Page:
Exxaro revenues and profits took a beating in the six months to end-June as expected but the group remains in good shape overall thanks in no small part to its tight-fisted policy on retaining cash.
That first became apparent in the results for the year to end-December when Exxaro paid out a “stingy” total dividend distribution which was cut by 28% from 2021 levels despite profits being 78% up for 2022.
At the time CEO Nombasa Tsengwa defended that policy as being “prudent” and she repeated this in July at the Coal and Energy Transition Day conference saying, “we must also remember we are living in very uncertain times especially now with this rail issue.”
Exxaro is also holding onto cash in anticipation of its stated aim of diversifying into one or more of copper, bauxite and manganese although there have been no developments here some 18 months after the group started looking around.
Cash and cash equivalents held have risen from R11,2bn at June 30 last year to R14.8bn at end-December last year to R16.5m as of June 30 this year. Exxaro’s net cash position increased to R11.6bn at end-June from net cash of R9.6bn at end-December.
Total group revenues were hit by downturns in both the export coal and iron ore markets and fell by 15% to R18,9bn (six months to end-June 2022 R22.3bn) while group EBITDA (earnings before interest, tax, depreciation and amortisation) were down 28% at R7.7bn (R10.6bn) mainly due to the 34% drop in coal division EBITDA.
Exxaro attributed the poor coal performance to “lacklustre rail performance due to locomotive availability, cable theft, derailments and vandalism” but there is some good news in that the rail situation does seem to have stabilised in the first half of 2023.
Tsengwa noted that “the collaboration by the TFR-Industry recovery team realised some benefits and service levels did not deteriorate any further. Exxaro railed 2.45mt of export coal to the Richards Bay Coal Terminal (RBCT) in the first half of 2023 compared with 2.54mt for the same period last year.”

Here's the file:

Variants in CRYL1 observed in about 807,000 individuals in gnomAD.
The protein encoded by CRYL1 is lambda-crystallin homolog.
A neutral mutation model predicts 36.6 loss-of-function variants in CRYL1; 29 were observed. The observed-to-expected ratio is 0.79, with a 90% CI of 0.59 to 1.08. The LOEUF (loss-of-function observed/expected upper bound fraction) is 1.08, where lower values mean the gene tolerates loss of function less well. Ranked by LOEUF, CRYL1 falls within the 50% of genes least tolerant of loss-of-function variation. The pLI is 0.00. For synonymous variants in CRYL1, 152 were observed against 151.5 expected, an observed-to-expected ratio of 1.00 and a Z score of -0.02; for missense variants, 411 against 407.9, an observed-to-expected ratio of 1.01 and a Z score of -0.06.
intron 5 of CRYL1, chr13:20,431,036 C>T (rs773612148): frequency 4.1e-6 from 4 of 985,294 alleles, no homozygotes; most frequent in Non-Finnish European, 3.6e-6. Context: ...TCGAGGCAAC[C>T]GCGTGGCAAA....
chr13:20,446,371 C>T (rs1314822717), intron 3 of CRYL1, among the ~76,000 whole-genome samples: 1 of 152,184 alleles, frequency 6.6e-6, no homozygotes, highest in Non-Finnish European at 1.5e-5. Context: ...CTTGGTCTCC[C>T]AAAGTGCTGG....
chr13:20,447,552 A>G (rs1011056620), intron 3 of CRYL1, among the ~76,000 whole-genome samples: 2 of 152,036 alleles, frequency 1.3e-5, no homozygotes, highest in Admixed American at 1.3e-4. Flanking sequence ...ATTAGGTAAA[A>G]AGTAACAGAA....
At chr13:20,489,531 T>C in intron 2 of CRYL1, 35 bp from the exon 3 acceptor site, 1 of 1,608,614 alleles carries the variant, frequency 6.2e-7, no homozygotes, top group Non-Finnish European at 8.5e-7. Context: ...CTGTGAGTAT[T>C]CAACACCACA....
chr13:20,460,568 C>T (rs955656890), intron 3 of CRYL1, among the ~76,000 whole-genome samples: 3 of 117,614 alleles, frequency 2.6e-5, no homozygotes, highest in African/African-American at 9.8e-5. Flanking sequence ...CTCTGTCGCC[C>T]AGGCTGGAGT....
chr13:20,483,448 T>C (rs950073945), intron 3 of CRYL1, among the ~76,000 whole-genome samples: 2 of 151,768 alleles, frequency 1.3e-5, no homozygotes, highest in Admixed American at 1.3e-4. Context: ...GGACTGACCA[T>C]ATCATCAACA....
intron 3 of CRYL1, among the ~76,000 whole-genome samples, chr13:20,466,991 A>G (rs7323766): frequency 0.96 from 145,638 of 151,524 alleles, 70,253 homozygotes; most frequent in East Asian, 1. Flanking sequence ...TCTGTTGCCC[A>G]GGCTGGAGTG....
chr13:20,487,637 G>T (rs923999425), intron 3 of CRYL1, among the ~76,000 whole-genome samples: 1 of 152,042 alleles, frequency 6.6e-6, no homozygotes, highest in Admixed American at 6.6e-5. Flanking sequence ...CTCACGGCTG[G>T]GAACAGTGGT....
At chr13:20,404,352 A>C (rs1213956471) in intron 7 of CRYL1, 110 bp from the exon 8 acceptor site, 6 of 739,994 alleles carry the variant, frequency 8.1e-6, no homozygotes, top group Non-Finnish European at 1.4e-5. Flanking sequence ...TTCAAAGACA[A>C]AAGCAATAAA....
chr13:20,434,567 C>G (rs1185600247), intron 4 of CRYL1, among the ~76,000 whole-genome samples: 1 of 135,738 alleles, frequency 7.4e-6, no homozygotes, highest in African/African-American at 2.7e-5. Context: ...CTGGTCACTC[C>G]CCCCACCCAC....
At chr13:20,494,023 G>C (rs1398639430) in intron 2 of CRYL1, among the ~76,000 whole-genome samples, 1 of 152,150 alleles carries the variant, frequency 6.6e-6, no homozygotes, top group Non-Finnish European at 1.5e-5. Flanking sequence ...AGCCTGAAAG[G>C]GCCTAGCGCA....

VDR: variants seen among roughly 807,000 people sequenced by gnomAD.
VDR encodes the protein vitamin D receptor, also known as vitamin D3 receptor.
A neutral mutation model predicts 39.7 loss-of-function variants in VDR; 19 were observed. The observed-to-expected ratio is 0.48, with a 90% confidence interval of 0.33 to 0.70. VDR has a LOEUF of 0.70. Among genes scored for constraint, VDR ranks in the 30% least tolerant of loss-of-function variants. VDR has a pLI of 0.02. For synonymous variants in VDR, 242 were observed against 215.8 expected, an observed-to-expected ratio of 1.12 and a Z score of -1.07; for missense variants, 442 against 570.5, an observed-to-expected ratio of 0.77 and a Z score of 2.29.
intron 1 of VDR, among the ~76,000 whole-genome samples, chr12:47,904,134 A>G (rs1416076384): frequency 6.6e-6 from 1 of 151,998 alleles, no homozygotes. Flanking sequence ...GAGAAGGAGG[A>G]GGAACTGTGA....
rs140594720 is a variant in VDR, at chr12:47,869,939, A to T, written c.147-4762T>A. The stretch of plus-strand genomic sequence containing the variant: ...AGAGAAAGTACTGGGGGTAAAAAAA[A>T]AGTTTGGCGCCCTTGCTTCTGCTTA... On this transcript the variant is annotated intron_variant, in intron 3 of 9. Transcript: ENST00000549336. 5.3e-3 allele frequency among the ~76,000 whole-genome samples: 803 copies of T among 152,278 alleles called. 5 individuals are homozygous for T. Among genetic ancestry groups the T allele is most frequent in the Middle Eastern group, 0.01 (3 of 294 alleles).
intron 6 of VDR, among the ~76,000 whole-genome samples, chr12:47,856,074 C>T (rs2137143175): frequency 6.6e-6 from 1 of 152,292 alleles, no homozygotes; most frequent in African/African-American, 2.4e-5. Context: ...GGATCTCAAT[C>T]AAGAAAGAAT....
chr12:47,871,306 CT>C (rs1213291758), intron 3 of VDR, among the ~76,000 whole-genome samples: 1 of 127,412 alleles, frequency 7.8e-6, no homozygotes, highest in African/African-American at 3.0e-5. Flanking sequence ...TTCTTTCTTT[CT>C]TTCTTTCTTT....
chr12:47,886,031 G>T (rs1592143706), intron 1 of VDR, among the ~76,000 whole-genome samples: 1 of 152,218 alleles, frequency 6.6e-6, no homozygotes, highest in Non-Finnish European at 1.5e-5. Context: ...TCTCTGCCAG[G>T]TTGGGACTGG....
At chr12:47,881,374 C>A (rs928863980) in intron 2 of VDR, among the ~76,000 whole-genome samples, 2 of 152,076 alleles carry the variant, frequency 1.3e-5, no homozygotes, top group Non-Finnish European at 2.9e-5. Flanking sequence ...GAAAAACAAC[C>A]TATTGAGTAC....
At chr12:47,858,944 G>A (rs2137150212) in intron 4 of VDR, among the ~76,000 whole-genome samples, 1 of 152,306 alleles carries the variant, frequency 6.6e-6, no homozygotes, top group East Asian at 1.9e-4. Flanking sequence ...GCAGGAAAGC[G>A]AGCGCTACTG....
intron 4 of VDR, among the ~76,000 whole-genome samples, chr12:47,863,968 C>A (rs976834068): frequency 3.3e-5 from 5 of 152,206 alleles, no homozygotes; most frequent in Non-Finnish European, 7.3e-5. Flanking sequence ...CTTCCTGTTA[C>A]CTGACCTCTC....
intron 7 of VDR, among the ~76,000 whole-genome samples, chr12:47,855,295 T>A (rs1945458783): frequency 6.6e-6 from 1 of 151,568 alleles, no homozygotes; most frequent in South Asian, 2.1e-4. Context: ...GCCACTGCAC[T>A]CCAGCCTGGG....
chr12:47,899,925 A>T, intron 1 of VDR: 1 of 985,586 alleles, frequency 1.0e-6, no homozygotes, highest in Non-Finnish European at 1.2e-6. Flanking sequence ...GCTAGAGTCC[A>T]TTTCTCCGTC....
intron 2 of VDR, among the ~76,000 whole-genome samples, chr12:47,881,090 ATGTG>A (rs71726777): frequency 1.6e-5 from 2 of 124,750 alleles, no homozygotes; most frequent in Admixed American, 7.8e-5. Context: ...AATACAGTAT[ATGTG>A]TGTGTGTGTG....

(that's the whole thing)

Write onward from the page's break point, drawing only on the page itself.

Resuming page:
What is significant is that Exxaro has stopped trucking coal through the port of Maputo because of the steep drop in export coal prices which has made this route now uneconomical.
But Tsengwa remained tight-lipped on the plans that she says Exxaro continues to evaluate to get coal out of South Africa through alternative routes to the ports of Richards Bay and Maputo.
Those are the only two coal export ports currently available to South African coal companies but – when Tsengwa was asked today on a media conference call what other routes were being considered – she stonewalled in her response.
She commented, “when you are in trouble and constrained you look at everything there is. It is a bit difficult for us to share with you things that are still subject to studies.”
Tsengwa was also uncommunicative over developments in Exxaro’s stated plans to diversify its business into other commodities where the group was targeting projects in copper, manganese and bauxite.
She initially repeated earlier statements that Exxaro would share information with the market when it found something value accretive.
Challenged on whether Exxaro had “missed the boat” on its diversification plans which seemed to be going nowhere Tsengwa said she was “happy” with where the group was in its assessment of what was available.
She then revealed that the Exxaro board had given management permission to take a “broader view” than the three commodities it had initially listed but always staying within the group’s stated investment criteria